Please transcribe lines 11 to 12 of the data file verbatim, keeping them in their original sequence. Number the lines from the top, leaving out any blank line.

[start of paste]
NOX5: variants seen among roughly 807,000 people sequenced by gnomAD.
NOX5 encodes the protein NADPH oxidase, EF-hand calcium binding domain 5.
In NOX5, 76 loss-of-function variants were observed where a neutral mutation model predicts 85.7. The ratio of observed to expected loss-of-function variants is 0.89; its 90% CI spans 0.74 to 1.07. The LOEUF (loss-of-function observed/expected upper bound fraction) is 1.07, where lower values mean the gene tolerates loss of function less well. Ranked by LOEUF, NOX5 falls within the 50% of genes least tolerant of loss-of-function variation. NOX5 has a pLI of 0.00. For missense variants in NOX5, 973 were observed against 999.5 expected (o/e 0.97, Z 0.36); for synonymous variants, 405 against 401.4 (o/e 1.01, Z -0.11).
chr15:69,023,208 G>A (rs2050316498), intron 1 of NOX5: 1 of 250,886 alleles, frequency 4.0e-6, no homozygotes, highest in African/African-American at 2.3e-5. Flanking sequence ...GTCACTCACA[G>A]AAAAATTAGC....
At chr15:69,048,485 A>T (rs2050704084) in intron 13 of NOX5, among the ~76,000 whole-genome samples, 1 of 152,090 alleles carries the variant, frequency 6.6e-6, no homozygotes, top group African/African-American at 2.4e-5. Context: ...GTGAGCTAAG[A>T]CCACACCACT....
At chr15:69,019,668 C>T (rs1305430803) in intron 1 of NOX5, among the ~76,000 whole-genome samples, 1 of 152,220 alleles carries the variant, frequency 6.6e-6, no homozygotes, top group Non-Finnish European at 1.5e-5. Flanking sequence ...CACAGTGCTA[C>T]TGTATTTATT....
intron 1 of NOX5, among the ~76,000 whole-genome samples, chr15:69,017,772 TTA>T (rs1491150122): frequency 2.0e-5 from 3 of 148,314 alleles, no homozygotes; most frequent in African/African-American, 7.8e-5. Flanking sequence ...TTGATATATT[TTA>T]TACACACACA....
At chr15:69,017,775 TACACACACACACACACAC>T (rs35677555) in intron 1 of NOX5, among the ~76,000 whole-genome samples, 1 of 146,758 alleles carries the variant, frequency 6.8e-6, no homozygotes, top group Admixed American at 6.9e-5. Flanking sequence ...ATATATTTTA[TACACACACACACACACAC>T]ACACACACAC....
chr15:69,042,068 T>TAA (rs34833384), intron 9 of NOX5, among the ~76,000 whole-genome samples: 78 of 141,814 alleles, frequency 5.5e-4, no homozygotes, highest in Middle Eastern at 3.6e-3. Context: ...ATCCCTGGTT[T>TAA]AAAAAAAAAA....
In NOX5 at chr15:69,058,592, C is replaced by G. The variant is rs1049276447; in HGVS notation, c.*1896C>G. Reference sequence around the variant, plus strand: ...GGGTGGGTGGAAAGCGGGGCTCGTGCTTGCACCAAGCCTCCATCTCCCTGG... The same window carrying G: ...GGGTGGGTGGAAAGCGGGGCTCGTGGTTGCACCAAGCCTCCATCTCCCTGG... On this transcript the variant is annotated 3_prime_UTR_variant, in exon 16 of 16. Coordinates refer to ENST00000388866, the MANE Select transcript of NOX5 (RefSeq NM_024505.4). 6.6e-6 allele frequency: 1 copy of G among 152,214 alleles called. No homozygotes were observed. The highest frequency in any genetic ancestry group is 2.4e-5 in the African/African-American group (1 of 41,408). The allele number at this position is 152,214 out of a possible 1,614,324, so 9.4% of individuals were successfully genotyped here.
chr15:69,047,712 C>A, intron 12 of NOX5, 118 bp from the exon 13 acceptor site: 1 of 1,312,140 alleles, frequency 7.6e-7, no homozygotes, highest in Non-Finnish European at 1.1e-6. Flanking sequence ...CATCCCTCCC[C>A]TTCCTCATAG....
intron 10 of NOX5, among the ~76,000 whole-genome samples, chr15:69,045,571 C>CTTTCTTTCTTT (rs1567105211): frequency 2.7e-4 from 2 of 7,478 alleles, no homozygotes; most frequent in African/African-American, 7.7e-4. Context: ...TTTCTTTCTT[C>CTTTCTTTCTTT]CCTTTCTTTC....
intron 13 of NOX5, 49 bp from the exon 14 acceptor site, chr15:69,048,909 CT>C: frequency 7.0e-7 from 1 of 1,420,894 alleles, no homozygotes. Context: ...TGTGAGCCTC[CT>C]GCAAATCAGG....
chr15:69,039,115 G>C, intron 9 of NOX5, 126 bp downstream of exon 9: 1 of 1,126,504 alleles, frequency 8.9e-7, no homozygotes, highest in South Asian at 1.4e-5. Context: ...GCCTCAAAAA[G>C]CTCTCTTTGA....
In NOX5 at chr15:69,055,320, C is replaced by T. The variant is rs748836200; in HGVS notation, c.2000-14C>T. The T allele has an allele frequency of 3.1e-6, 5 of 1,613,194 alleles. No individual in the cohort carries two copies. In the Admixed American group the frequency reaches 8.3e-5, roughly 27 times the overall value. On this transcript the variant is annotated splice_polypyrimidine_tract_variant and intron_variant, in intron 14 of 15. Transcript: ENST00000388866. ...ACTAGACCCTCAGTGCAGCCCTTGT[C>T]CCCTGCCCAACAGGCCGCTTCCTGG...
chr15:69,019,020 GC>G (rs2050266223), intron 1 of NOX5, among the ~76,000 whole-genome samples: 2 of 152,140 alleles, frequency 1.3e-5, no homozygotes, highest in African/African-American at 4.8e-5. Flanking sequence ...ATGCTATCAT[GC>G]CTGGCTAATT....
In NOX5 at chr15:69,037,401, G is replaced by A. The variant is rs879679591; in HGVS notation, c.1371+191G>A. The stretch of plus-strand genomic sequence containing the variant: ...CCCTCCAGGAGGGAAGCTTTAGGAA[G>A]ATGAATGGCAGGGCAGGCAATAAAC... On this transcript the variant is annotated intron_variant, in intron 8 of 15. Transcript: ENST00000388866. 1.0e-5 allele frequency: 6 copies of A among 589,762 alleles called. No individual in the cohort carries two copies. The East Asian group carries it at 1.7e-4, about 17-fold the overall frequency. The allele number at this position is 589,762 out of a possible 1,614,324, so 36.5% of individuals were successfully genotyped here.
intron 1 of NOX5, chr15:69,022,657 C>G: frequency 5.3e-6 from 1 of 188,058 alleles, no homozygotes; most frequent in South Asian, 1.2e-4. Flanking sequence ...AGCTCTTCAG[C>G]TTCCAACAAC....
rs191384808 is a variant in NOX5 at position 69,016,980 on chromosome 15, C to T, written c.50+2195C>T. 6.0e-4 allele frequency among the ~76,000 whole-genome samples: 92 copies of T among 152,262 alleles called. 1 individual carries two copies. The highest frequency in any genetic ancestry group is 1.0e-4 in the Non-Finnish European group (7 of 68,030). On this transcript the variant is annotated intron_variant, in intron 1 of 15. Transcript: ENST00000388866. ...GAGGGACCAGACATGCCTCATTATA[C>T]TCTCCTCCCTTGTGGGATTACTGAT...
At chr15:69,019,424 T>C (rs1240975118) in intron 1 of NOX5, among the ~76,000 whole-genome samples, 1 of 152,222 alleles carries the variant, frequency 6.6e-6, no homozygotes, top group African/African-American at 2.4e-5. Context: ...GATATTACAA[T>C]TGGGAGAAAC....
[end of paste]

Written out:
chr15:69,047,712 C>A, intron 12 of NOX5, 118 bp from the exon 13 acceptor site: 1 of 1,312,140 alleles, frequency 7.6e-7, no homozygotes, highest in Non-Finnish European at 1.1e-6. Flanking sequence ...CATCCCTCCC[C>A]TTCCTCATAG....
intron 10 of NOX5, among the ~76,000 whole-genome samples, chr15:69,045,571 C>CTTTCTTTCTTT (rs1567105211): frequency 2.7e-4 from 2 of 7,478 alleles, no homozygotes; most frequent in African/African-American, 7.7e-4. Context: ...TTTCTTTCTT[C>CTTTCTTTCTTT]CCTTTCTTTC....